So it has come to this, reviewing a powerboard, I mean it is a thing that everyone knows, understands how they work and why you use them, but it was not until I got the Powercube in my hands that I understood that this is a shift and in the right direction.
Right off the bat, you will notice that the shape of the Powercube, is unlike any sort of powerboard you will have seen before and that is its biggest strength. Depending on the board you replace it with, it can save significant space and given its overall small footprint can take up very little room wherever you place it. The unit comes with a nice 1.5m length cable, giving you a lot of space from your wall socket to the cube, and if you are someone who likes to keep their cables nice and tidy, there is also a small bracket that can be screwed into place, keeping the power cable tucked away.
The actual cube face has 5 outlets, but if you mount the unit, as is recommended, you will only get access to 4 of them, which is still a good amount. Mounting the cube is really easy as well, as you get a plate and some sticky pads, much like on those reusable hooks, you just need to place it over the point, depending on how you want to orientate the cube and that is it. The only caveat with your layout choice is that on the back there is a reset switch, in case of a power surge, so you need to keep that in mind.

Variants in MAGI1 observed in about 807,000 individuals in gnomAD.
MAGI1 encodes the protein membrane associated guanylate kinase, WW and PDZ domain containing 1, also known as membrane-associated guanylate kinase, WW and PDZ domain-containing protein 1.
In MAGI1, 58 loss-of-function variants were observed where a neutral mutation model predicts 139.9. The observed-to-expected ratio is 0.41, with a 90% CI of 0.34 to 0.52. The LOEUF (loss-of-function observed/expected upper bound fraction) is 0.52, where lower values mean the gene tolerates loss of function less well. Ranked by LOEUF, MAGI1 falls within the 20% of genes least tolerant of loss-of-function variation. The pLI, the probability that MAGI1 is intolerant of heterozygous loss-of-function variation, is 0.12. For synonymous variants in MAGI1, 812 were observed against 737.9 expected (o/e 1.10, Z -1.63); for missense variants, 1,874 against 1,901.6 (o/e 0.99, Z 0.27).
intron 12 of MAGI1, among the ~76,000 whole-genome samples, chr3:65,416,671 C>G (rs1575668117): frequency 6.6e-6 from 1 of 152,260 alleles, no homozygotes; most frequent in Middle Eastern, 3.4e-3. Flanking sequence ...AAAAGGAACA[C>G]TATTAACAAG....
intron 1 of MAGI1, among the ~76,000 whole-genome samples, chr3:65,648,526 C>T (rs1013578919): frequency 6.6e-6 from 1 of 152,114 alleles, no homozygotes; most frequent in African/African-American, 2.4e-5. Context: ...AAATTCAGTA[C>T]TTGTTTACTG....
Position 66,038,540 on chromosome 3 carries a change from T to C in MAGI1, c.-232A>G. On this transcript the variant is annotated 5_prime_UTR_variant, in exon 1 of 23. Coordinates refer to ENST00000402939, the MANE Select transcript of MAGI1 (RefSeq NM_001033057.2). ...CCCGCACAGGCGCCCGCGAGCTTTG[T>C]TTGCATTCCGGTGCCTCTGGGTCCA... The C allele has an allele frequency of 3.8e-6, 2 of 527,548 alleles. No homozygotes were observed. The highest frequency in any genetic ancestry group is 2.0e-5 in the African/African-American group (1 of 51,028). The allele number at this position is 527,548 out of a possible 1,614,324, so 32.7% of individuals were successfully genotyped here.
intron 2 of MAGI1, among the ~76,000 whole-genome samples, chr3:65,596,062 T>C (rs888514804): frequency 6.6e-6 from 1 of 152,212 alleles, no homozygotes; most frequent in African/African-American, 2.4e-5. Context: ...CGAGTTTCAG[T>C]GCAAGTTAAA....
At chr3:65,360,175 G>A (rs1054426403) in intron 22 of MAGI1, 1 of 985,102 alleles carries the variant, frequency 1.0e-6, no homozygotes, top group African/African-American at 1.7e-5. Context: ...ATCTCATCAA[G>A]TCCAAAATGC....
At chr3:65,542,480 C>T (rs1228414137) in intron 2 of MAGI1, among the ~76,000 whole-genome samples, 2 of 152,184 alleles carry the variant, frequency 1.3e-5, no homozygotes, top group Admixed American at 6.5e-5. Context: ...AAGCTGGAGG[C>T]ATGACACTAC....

If you find that you require additional slots, you can actually purchase an adapter that will plug into one face of the Powercube and given you an additional series of slots. If you do this though, it is recommend that you avoid having the cube mounted, as the additional weight is too much for the connection for it hanging, more so once you plug things in.
There are two things that do make using the cube a bit of a hassle though, if you are using power adaptors that have those big bulky plugs, having a few of those attached, takes this compact cube and makes it very large. While the outlets all face different directions, you should not run into plugs butting up against each other, but if you think more along the lines of Katamari and then you’re on track, of course, this will only impact you if you have the big bulky plugs. The other strange thing is that, the two models of the Powercube come with a wildly different function on one and not the other. The one I was given for review, did not contain any USB ports, but the other model that exists replaces a full face with two ports.
At the end of the day though, the Powercube is one really great piece of tech, it takes decades of powerboard design and distils it down to the basics. This is not going to help with the bulkier power adaptors, but for the slim line setups, you can’t go wrong.